When I first saw the teaser post from Fuji rumors, my impression was that this is going to be hot selling one within the Fujifilm community if it is priced right. And the turn out to be quite true. At the price of 549 USD, Viltrox priced it so attractively and it sold out immediately on the Taobao platform and its online shop.
Viltrox is a name that we, Fujifilm photographers, are familiar with since the birth of its very first autofocus lens, 85mm f1.8 (MK I). Like many photographers, I am impressed by how the Viltrox engineers reverse engineered the X-mount design and work around it. To refresh everyone’s memory, Fujifilm did not open up their X-mount protocol to every third-party manufacturer and Viltrox make it!
Viltrox 75mm f1.2 is an uncommon focal length at 112.5mm (in full frame equivalent). But I believe photographers, who are using XF80mm and XF90mm, easily adapt to this new focal length.
Design and Build Quality
There are two things you will get to notice when you hold the lens: the weight, and the build quality.
At 670 grams, I can feel the mass on my hand. It is definitely not light among most of the lenses. Every part of it is by no means cheap or cheap-built, you can feel that the build quality is belongs to the top tier.
With that massive weight, the lens eventually comes with a huge 77mm filter size.
Furthermore, it also comes with waterproof and dust-proof protection. This is also what a Pro lens should equip these days.
The aperture ring is the clickable one (it does not have de-click option) and it has that satisfying clicking experience whenever you rotate the ring. It also comes with a “A” for automatic aperture choosing by the camera but what missing here is the aperture ring lock release that prevents accidental switch.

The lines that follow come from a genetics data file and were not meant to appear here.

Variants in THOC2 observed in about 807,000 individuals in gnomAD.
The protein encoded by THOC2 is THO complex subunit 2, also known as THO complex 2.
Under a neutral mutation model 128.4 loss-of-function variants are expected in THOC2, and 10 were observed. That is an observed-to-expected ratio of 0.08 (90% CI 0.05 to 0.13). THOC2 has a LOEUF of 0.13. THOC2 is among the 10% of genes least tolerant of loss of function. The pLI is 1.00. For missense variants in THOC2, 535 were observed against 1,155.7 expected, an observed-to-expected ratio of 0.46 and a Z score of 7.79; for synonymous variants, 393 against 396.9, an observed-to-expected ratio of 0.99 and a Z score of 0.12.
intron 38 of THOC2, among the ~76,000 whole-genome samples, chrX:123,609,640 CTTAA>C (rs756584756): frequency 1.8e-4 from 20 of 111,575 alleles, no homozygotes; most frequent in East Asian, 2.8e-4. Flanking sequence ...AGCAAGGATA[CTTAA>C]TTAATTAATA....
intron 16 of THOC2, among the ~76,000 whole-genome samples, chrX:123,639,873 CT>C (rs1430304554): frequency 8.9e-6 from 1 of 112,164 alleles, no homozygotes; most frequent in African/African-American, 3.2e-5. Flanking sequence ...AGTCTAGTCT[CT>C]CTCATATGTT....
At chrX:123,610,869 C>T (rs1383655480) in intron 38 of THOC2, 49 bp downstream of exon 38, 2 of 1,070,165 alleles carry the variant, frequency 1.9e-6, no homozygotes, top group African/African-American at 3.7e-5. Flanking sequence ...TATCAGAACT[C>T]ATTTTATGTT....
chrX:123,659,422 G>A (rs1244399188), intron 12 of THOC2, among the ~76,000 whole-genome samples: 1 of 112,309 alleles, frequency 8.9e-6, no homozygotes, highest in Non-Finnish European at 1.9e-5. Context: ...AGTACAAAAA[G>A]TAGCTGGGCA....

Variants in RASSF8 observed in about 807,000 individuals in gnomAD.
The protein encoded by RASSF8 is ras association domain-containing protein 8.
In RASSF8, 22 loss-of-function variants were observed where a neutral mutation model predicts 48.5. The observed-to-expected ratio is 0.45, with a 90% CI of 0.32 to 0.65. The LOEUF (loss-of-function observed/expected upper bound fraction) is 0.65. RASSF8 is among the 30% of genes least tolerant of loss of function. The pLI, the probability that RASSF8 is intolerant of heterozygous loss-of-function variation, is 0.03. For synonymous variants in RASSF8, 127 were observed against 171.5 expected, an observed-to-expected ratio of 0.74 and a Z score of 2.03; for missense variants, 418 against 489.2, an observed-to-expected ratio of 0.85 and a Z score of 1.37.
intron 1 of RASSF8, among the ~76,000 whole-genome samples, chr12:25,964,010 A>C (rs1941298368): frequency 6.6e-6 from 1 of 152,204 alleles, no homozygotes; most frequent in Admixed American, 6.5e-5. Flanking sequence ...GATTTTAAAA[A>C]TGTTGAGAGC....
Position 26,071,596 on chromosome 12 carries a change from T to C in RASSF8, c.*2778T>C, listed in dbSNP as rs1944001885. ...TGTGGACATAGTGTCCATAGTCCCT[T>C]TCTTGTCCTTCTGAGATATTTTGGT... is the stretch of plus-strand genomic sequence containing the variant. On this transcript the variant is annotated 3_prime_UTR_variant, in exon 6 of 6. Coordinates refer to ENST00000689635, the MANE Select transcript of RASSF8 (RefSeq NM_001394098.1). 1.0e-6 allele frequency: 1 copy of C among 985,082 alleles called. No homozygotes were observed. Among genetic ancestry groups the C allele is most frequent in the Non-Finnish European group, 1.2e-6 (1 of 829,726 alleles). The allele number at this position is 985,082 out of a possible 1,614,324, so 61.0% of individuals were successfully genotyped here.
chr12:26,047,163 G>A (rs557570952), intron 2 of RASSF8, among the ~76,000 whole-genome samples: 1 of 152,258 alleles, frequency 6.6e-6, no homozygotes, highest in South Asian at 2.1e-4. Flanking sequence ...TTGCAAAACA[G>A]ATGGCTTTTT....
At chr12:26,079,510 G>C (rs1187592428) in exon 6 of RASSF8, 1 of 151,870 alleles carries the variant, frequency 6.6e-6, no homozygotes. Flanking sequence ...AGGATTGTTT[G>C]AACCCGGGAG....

Unlike the metal lens hood with Viltrox 33mm f1.4, this 75mm lens comes with the plastic lens hood and it is kind of loose when it is face-inside the lens barrel. But it locked up quite well when it faces away from the lens barrel.
At f1.2, the image quality is really sharp. Probably one of the most clinical sharp lenses on the market out there. At wide open, the subject easily pops out from the background. The lens renders the bokeh well and quite smoothening. Even the fall-off is excellent too.
Is clinical sharp a bad thing or a good thing? In my opinion, it is not a good or bad thing. It is based on individual preference and I know some photographers end up de-sharpen in posts with the results from this lens. For me, this is how this lens performs and something, and it is better to have clinically sharp than characteristically soft because this is a pro-grade lens.
As for me, certain shots happen to be over sharpen for my liking but still within my acceptable range. This doesn’t happen in every shot I take. Probably many factors like light and shadow play a part too.
The chromatic aberration is very well-controlled and I did not notice anything. However, there is a small amount of vignetting at wide-open but it can be resolved via increasing of aperture value or in post-processing.
The lens (or focus) breathing is surprisingly good here. The focus distance did not change dramatically as you change the focus distance from MOD to infinity and vice versa. This can be a great deal for videographer.
How should I put it? If I try to focus from the Minimum Focus Distance to anywhere far, I will experience some sluggish focusing. It will take quite a while to focus on the subject I want.
Secondly, the lens sometimes also gives wobbly focusing and that happens even during day time. It takes awhile for me to get use to this behavior.
I guess there might be 2 factors behind its focusing performance.